Kerchner G.A.,Stanford University | Berdnik D.,Stanford University | Shen J.C.,Stanford University | Bernstein J.D.,Stanford University | And 5 more authors.
Neurology | Year: 2014

Objectives: Using high-resolution structural MRI, we endeavored to study the relationships among APOE e4, hippocampal subfield and stratal anatomy, and episodic memory. Methods: Using a cross-sectional design, we studied 11 patients with Alzheimer disease dementia, 14 patients with amnestic mild cognitive impairment, and 14 age-matched healthy controls with no group differences in APOE e4 carrier status. Each subject underwent ultra-high-field 7.0-tesla MRI targeted to the hippocampus and neuropsychological assessment. Results: We found a selective, dose-dependent association of APOE e4 with greater thinning of the CA1 apical neuropil, or stratum radiatum/stratum lacunosum-moleculare (CA1-SRLM), a hippocampal subregion known to exhibit early vulnerability to neurofibrillary pathology in Alzheimer disease. The relationship between the e4 allele and CA1-SRLM thinning persisted after controlling for dementia severity, and the size of other hippocampal subfields and the entorhinal cortex did not differ by APOE e4 carrier status. Carriers also exhibited worse episodic memory function but similar performance in other cognitive domains compared with noncarriers. In a statistical mediation analysis, we found support for the hypothesis that CA1-SRLM thinning may link the APOE e4 allele to its phenotypic effects on memory. Conclusions: The APOE e4 allele segregated dose-dependently and selectively with CA1-SRLM thinning and worse episodic memory performance in a pool of older subjects across a cognitive spectrum. These findings highlight a possible role for this gene in influencing a critical hippocampal subregion and an associated symptomatic manifestation.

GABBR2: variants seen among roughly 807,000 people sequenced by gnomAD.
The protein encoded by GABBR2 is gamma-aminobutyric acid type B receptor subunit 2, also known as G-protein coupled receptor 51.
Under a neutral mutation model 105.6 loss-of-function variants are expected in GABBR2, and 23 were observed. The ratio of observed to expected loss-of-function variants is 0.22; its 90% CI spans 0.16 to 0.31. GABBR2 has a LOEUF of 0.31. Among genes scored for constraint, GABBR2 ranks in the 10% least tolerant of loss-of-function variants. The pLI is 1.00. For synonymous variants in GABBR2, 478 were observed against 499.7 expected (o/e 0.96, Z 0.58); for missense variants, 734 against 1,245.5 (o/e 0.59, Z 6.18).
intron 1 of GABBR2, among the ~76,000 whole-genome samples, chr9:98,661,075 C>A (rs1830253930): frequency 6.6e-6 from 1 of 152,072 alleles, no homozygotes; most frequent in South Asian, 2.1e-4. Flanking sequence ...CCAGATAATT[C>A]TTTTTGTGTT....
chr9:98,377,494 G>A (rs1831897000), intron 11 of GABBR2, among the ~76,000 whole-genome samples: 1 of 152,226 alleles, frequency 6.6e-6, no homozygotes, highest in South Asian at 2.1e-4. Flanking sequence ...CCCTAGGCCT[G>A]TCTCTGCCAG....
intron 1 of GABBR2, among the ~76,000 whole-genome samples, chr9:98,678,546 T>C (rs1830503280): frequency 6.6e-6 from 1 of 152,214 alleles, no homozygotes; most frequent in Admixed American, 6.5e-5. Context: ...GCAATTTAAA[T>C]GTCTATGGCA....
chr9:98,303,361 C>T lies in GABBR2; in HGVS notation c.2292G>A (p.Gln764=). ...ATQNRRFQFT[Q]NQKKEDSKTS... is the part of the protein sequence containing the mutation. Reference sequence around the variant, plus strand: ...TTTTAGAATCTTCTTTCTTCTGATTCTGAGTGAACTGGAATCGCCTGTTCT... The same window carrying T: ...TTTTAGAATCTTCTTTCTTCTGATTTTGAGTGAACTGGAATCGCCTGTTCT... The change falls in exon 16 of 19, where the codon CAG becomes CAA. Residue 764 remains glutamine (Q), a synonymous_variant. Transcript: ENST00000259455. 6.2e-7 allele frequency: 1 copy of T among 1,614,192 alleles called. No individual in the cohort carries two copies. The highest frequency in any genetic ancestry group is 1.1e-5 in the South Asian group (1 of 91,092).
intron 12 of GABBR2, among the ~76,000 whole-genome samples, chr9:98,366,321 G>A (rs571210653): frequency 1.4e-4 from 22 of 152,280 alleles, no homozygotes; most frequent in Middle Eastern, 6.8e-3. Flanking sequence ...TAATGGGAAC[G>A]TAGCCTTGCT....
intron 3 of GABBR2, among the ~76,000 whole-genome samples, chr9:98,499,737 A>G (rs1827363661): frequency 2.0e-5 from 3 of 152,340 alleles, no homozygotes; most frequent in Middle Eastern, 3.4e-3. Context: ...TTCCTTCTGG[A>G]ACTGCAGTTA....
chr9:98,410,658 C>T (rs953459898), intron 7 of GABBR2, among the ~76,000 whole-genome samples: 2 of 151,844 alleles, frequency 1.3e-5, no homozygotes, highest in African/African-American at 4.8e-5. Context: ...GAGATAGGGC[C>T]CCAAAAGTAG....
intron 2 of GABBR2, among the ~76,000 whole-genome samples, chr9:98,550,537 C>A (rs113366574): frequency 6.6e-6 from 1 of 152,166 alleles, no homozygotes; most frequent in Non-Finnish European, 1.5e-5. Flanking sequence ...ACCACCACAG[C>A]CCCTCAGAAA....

Loading Center for Tissue Regeneration collaborators
Loading Center for Tissue Regeneration collaborators